Impairments In Urinary Concentrating And Diluting Ability

Deficiencies in the ability of the kidney to regulate plasma osmolality by appropriately forming either dilute or concentrated urine may have several causes. There may be a defect in production or regulation of vasopressin release, an inability of the collecting duct to respond to vasopressin, or a failure to form a medullary osmolality gradient.

Diabetes Insipidus

Diabetes insipidus refers to high rates of production of dilute urine either because the posterior pituitary fails to release vasopressin or because the kidney does not respond to the hormone. This should be contrasted with diabetes mellitus in which increased urine flow is a consequence of the osmotic diuresis produced by the filtration and incomplete reabsorption of large amounts of glucose (see Chapter 26, the section on ''Passive Reabsorptive Processes''). (The modifier melli-tus refers to the fact that urine was sweet to the taste, whereas insipidus refers to a urine without taste using archaic diagnostic procedures!) The failure to produce or release vasopressin is referred to as central diabetes insipidus. This is a rare congenital disorder, but it may also be caused by surgical procedures (such as hypo-physectomy to treat a pituitary tumor), infections, cerebrovascular accidents, or trauma. Removal of the pituitary does not always cause a total lack of vaso-pressin production because some of the nerves responsible for releasing the hormone end in the pituitary stalk and are not lost.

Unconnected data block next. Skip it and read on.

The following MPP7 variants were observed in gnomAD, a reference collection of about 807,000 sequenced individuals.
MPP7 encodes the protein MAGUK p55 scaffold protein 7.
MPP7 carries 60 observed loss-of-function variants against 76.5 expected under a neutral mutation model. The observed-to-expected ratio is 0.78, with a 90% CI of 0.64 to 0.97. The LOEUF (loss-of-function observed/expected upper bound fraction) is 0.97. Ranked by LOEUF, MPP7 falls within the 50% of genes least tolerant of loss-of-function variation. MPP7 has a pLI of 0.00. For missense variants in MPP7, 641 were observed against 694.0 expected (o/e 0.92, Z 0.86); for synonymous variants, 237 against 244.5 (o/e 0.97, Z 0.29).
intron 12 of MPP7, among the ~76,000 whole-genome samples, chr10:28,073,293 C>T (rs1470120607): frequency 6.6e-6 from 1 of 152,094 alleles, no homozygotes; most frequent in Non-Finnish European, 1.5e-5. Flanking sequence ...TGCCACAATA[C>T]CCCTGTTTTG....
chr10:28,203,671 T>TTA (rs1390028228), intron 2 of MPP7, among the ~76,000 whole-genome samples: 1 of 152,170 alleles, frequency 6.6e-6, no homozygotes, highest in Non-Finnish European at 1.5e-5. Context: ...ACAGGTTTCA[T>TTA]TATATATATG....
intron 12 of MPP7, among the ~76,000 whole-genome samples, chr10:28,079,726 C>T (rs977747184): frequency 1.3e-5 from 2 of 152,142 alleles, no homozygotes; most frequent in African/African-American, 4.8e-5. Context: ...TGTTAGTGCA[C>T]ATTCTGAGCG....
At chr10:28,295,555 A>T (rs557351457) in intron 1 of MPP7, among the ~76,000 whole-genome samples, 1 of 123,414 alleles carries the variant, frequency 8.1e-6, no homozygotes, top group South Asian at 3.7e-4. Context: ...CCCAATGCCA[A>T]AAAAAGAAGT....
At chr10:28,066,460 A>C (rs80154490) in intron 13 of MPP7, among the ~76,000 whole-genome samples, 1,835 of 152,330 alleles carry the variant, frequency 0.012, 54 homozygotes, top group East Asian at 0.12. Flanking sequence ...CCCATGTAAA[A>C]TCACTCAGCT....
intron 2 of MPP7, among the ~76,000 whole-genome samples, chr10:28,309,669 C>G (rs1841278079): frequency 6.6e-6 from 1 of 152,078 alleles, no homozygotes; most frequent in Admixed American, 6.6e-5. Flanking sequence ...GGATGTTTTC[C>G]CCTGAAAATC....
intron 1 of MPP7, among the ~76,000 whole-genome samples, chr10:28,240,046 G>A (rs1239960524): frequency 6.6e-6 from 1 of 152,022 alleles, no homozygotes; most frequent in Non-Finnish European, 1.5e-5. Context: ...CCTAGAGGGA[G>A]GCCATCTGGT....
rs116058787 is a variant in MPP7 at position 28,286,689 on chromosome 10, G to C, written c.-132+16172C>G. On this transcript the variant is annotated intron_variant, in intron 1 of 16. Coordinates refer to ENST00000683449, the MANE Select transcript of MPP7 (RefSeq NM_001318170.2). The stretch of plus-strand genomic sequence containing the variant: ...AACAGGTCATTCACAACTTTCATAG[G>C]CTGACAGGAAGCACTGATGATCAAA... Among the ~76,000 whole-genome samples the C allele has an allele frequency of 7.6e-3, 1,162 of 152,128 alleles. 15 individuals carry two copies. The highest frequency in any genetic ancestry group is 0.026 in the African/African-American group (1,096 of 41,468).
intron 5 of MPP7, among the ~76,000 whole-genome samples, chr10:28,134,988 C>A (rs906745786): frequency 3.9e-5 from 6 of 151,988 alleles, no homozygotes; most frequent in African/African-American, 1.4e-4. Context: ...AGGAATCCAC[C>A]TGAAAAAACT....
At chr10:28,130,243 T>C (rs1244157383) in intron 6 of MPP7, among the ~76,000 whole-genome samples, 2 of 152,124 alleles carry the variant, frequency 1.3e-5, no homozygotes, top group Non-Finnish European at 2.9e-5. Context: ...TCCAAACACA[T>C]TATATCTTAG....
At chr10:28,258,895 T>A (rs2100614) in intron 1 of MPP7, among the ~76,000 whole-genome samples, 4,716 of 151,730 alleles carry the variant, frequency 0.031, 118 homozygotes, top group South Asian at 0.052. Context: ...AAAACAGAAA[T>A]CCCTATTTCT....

Inability to release vasopressin in response to plasma hyperosmolality leaves only the thirst mechanism to regulate plasma osmolality. Because the urine cannot be concentrated, dilute urine is continually produced, with volumes that can reach 18 L/day. To combat the

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